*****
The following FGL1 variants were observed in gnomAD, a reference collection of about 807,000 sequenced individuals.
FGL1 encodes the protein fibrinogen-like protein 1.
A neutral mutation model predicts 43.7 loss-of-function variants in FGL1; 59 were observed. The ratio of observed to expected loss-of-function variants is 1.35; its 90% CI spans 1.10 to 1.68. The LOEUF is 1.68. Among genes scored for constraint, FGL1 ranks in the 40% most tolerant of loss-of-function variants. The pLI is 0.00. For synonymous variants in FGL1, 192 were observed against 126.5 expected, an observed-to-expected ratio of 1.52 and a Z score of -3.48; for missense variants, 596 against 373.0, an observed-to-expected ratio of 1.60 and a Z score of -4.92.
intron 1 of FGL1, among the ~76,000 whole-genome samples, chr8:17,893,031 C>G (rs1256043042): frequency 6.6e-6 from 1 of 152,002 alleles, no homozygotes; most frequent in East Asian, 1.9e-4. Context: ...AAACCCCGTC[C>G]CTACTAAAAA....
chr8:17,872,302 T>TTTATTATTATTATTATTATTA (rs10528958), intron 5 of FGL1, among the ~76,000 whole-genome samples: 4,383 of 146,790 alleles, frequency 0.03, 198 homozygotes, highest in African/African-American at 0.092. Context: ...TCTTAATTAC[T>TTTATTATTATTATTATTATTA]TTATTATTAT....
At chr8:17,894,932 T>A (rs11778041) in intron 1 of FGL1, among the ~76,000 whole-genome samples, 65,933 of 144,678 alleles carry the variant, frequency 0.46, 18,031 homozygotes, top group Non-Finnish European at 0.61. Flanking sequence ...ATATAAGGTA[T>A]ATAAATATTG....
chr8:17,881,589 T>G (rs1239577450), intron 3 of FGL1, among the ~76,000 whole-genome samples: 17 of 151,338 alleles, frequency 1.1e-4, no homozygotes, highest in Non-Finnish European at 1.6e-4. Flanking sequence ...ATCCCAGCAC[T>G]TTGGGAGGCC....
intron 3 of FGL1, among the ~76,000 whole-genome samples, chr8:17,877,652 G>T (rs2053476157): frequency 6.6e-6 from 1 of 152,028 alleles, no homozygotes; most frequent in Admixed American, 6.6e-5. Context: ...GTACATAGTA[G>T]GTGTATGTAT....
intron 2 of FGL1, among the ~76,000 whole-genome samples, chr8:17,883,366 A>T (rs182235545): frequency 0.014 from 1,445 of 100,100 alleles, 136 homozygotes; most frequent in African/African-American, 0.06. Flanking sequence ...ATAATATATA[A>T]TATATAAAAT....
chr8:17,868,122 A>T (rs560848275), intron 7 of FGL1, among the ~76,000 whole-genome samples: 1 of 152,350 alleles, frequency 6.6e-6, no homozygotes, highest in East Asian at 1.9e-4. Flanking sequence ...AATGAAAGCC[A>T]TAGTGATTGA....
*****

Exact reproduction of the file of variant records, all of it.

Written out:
The following FGL1 variants were observed in gnomAD, a reference collection of about 807,000 sequenced individuals.
FGL1 encodes the protein fibrinogen-like protein 1.
A neutral mutation model predicts 43.7 loss-of-function variants in FGL1; 59 were observed. The ratio of observed to expected loss-of-function variants is 1.35; its 90% CI spans 1.10 to 1.68. The LOEUF is 1.68. Among genes scored for constraint, FGL1 ranks in the 40% most tolerant of loss-of-function variants. The pLI is 0.00. For synonymous variants in FGL1, 192 were observed against 126.5 expected, an observed-to-expected ratio of 1.52 and a Z score of -3.48; for missense variants, 596 against 373.0, an observed-to-expected ratio of 1.60 and a Z score of -4.92.
intron 1 of FGL1, among the ~76,000 whole-genome samples, chr8:17,893,031 C>G (rs1256043042): frequency 6.6e-6 from 1 of 152,002 alleles, no homozygotes; most frequent in East Asian, 1.9e-4. Context: ...AAACCCCGTC[C>G]CTACTAAAAA....
chr8:17,872,302 T>TTTATTATTATTATTATTATTA (rs10528958), intron 5 of FGL1, among the ~76,000 whole-genome samples: 4,383 of 146,790 alleles, frequency 0.03, 198 homozygotes, highest in African/African-American at 0.092. Context: ...TCTTAATTAC[T>TTTATTATTATTATTATTATTA]TTATTATTAT....
At chr8:17,894,932 T>A (rs11778041) in intron 1 of FGL1, among the ~76,000 whole-genome samples, 65,933 of 144,678 alleles carry the variant, frequency 0.46, 18,031 homozygotes, top group Non-Finnish European at 0.61. Flanking sequence ...ATATAAGGTA[T>A]ATAAATATTG....
chr8:17,881,589 T>G (rs1239577450), intron 3 of FGL1, among the ~76,000 whole-genome samples: 17 of 151,338 alleles, frequency 1.1e-4, no homozygotes, highest in Non-Finnish European at 1.6e-4. Flanking sequence ...ATCCCAGCAC[T>G]TTGGGAGGCC....
intron 3 of FGL1, among the ~76,000 whole-genome samples, chr8:17,877,652 G>T (rs2053476157): frequency 6.6e-6 from 1 of 152,028 alleles, no homozygotes; most frequent in Admixed American, 6.6e-5. Context: ...GTACATAGTA[G>T]GTGTATGTAT....
intron 2 of FGL1, among the ~76,000 whole-genome samples, chr8:17,883,366 A>T (rs182235545): frequency 0.014 from 1,445 of 100,100 alleles, 136 homozygotes; most frequent in African/African-American, 0.06. Flanking sequence ...ATAATATATA[A>T]TATATAAAAT....
chr8:17,868,122 A>T (rs560848275), intron 7 of FGL1, among the ~76,000 whole-genome samples: 1 of 152,350 alleles, frequency 6.6e-6, no homozygotes, highest in East Asian at 1.9e-4. Flanking sequence ...AATGAAAGCC[A>T]TAGTGATTGA....